Snow Storms Made to Order (Sep, 1936)

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Snow Storms Made to Order

By Prof. S. L. Bastyamov
of the Artificial Climate Laboratory

THE heat of the Turkmenian sun blazes a few feet from biting Siberian frost. Balmy Caucasian weather is separated by a thin partition from a crisp Arctic day. All seasons of the year, summer and winter temperatures, calm weather and winds, humidity and drought are reproduced in the same place, in the same building—the Moscow Laboratory of Climate. Air is cooled in huge refrigerators or heated in electric furnaces, has its humidity controlled, and is given different velocities in imitation of wind. The reproduction of natural conditions are very accurate, coming within 0.2 to 0.3 degrees of variation in temperature and 3 to 4 per cent, in relative humidity of the air.

The convenience thus provided for scientific experimenters greatly accelerates the tempo of scientific research.

One problem studied is that of snow retention and protection of railroads against snow- drifts. This is done with an aerometeorological “test-tube,” in which are produced wind velocities identical with those actually observed in nature. The tube is long enough to permit study of the effect of fences and barriers on windblown snow over a considerable distance. The snow is blown at model fences and by comparing results, it is possible to determine the efficiency of various designs.

This research work-has led to the discovery of a new method of protection called “the active struggle against snow.” It was found that, if several raised barriers are placed on both sides of the railway road-bed, leaving a comparatively narrow opening between the top of the railway cut and the bottom of the barriers, and a current of wind and snow is blown through the opening, the wind (as tests have shown) will force the mass of snow out the railway cut.

This method is now in use on the railways of Siberia.

Determining the hardiness of various crops under conditions of frost, heat and drought is also a part of the investigation. With the laboratory’s “frost machine” it is possible to obtain, without leaving Moscow, a soil condition of heat and moisture which corresponds exactly to those at, let us say, Station Skovorod-niki on the Ussuriisk railway in the Far East.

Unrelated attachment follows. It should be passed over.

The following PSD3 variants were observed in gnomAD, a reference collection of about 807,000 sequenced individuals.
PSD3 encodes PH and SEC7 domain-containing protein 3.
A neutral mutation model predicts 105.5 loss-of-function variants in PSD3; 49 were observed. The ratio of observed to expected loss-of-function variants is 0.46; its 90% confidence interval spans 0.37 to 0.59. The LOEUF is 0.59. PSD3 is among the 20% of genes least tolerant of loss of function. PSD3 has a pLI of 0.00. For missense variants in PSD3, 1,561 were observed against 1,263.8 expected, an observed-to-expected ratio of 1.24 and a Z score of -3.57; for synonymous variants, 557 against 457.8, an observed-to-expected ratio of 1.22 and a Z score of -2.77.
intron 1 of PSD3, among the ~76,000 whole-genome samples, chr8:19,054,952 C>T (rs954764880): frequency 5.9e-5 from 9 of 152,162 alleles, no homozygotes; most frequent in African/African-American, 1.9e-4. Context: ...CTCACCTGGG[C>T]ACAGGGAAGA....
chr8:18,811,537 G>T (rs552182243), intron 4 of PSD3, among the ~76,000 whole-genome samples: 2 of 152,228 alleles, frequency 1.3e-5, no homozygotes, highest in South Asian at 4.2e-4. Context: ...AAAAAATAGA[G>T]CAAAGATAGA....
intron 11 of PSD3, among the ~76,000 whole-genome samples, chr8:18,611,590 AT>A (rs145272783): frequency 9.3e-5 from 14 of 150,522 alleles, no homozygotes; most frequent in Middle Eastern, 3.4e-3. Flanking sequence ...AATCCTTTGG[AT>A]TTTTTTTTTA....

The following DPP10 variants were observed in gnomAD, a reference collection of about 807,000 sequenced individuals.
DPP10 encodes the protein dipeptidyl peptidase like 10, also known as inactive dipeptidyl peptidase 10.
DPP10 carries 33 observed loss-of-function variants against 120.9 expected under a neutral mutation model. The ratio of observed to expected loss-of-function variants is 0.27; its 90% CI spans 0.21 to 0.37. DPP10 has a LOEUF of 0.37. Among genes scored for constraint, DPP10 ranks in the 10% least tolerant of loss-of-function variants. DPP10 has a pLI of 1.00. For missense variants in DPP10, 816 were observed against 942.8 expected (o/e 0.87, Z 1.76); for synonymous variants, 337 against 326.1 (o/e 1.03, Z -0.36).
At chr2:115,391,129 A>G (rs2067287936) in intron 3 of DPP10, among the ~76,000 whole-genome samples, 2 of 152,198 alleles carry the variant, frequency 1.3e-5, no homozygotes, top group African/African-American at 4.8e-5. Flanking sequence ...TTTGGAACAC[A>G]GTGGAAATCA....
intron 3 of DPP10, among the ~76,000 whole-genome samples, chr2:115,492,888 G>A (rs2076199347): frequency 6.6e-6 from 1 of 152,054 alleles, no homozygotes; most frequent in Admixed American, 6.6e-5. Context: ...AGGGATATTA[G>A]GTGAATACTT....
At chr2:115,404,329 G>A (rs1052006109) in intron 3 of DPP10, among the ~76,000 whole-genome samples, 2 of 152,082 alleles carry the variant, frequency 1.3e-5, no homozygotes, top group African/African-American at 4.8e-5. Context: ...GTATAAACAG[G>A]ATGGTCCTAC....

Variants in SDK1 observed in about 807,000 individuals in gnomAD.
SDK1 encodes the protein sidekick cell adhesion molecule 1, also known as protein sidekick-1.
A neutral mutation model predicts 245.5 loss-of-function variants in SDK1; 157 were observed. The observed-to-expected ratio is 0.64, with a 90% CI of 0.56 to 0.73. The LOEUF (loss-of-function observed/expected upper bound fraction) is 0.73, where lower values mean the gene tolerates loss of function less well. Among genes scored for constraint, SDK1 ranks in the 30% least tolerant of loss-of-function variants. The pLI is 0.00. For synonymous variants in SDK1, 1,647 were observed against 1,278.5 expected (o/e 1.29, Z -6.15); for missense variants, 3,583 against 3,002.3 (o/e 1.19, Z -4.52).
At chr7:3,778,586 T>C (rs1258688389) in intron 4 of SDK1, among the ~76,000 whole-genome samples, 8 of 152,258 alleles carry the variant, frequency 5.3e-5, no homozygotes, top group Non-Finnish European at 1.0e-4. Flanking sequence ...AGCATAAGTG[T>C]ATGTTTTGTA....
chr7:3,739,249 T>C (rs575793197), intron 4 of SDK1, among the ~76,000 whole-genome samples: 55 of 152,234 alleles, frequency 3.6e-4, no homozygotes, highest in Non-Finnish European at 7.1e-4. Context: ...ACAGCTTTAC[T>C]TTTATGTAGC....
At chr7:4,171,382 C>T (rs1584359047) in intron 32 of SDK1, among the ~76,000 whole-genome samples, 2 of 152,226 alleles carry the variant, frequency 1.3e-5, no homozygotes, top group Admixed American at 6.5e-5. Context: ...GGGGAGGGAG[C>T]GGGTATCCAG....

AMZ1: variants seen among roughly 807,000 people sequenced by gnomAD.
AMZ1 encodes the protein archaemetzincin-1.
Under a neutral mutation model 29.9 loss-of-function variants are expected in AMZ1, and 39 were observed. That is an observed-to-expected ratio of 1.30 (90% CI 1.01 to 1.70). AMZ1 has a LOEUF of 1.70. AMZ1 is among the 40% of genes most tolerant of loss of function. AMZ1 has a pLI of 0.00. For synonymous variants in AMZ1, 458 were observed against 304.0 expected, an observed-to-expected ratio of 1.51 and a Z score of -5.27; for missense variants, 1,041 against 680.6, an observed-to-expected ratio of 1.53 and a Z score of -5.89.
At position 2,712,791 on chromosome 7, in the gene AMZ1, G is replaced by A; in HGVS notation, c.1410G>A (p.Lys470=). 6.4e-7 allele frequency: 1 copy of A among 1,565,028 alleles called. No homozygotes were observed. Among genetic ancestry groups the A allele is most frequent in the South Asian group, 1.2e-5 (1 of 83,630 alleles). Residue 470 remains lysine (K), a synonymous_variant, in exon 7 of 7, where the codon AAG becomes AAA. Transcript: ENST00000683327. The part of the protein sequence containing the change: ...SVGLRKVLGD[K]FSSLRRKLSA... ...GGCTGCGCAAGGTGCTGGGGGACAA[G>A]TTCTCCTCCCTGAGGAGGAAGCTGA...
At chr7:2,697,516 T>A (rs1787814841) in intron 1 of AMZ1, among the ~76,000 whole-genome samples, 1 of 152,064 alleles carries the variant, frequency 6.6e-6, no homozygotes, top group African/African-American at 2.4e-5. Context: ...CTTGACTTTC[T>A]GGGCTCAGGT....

Glazed frost and ice-crust on winter wheat is an extremely wide-spread phenomenon in the Ukraine; but up to now it has never been studied. Now the experimenter obtains ice-crusted wheat stalks for study, without waiting for weather conditions.

There is yet another original problem in which the Laboratory of Climate has done important work testing lubricants. At the laboratory is a railway car journal box inside which is mounted the greased end of the axle. The qualities of lubricating grease in different seasons of the year and in various geographical zones can be studied under every imaginable climatic condition, by recreating the awful cold of Siberia in the dead of winter or the tropical heat of Central Asia in July and August. Meanwhile, day and night, the axle rolls “on its way” To make such tests outside the laboratory would take at least a year’s time and many thousands of miles of traveling. In the Climate Laboratory, a type of grease is tested thoroughly in 15 days.

The control system is comparatively simple. By pressing the buttons on this board, corresponding heating, cooling, dampening and drying arrangements are put into operation on an extremely wide range.

By subjecting various kinds of fabrics to these tests, the Moscow Laboratory of Climate assists in creating the most convenient and appropriate clothing for all kinds of industrial conditions.

The laboratory also faces a number of new questions raised by problems of health protection and medical physiotherapy.

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